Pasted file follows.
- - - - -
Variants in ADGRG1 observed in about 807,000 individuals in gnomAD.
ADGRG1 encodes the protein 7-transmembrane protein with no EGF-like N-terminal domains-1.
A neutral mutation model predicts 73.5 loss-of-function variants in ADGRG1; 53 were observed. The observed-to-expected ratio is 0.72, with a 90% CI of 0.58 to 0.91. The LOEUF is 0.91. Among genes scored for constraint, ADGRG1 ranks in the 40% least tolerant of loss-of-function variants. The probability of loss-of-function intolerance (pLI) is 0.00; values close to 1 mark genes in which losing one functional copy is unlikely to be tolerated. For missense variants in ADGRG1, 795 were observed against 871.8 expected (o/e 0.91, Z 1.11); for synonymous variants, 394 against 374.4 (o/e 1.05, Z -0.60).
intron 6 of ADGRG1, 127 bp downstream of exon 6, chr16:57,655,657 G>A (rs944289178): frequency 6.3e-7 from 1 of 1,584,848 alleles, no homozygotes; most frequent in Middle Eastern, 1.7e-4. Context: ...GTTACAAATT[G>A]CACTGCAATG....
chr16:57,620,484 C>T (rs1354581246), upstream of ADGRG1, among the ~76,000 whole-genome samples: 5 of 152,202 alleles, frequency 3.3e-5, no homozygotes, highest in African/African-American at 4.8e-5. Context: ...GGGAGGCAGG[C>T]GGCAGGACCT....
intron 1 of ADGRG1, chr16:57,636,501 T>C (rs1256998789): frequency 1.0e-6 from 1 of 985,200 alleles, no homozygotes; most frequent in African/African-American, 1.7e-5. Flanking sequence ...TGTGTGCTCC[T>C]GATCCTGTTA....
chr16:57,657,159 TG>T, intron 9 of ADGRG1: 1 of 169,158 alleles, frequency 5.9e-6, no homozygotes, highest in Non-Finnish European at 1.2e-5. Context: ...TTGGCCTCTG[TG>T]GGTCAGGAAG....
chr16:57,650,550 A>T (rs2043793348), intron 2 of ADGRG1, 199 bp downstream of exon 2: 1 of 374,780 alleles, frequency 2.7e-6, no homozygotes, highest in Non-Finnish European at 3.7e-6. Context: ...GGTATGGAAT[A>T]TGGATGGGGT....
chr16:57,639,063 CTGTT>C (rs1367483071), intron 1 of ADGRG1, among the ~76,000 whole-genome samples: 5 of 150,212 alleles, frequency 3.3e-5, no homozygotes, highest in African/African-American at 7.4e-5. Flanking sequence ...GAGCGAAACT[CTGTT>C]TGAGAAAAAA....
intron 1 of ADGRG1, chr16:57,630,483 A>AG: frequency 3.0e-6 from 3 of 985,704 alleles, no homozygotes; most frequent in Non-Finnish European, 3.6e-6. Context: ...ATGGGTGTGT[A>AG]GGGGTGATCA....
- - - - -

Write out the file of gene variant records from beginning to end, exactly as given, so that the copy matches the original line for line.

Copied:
Variants in ADGRG1 observed in about 807,000 individuals in gnomAD.
ADGRG1 encodes the protein 7-transmembrane protein with no EGF-like N-terminal domains-1.
A neutral mutation model predicts 73.5 loss-of-function variants in ADGRG1; 53 were observed. The observed-to-expected ratio is 0.72, with a 90% CI of 0.58 to 0.91. The LOEUF is 0.91. Among genes scored for constraint, ADGRG1 ranks in the 40% least tolerant of loss-of-function variants. The probability of loss-of-function intolerance (pLI) is 0.00; values close to 1 mark genes in which losing one functional copy is unlikely to be tolerated. For missense variants in ADGRG1, 795 were observed against 871.8 expected (o/e 0.91, Z 1.11); for synonymous variants, 394 against 374.4 (o/e 1.05, Z -0.60).
intron 6 of ADGRG1, 127 bp downstream of exon 6, chr16:57,655,657 G>A (rs944289178): frequency 6.3e-7 from 1 of 1,584,848 alleles, no homozygotes; most frequent in Middle Eastern, 1.7e-4. Context: ...GTTACAAATT[G>A]CACTGCAATG....
chr16:57,620,484 C>T (rs1354581246), upstream of ADGRG1, among the ~76,000 whole-genome samples: 5 of 152,202 alleles, frequency 3.3e-5, no homozygotes, highest in African/African-American at 4.8e-5. Context: ...GGGAGGCAGG[C>T]GGCAGGACCT....
intron 1 of ADGRG1, chr16:57,636,501 T>C (rs1256998789): frequency 1.0e-6 from 1 of 985,200 alleles, no homozygotes; most frequent in African/African-American, 1.7e-5. Flanking sequence ...TGTGTGCTCC[T>C]GATCCTGTTA....
chr16:57,657,159 TG>T, intron 9 of ADGRG1: 1 of 169,158 alleles, frequency 5.9e-6, no homozygotes, highest in Non-Finnish European at 1.2e-5. Context: ...TTGGCCTCTG[TG>T]GGTCAGGAAG....
chr16:57,650,550 A>T (rs2043793348), intron 2 of ADGRG1, 199 bp downstream of exon 2: 1 of 374,780 alleles, frequency 2.7e-6, no homozygotes, highest in Non-Finnish European at 3.7e-6. Context: ...GGTATGGAAT[A>T]TGGATGGGGT....
chr16:57,639,063 CTGTT>C (rs1367483071), intron 1 of ADGRG1, among the ~76,000 whole-genome samples: 5 of 150,212 alleles, frequency 3.3e-5, no homozygotes, highest in African/African-American at 7.4e-5. Flanking sequence ...GAGCGAAACT[CTGTT>C]TGAGAAAAAA....
intron 1 of ADGRG1, chr16:57,630,483 A>AG: frequency 3.0e-6 from 3 of 985,704 alleles, no homozygotes; most frequent in Non-Finnish European, 3.6e-6. Context: ...ATGGGTGTGT[A>AG]GGGGTGATCA....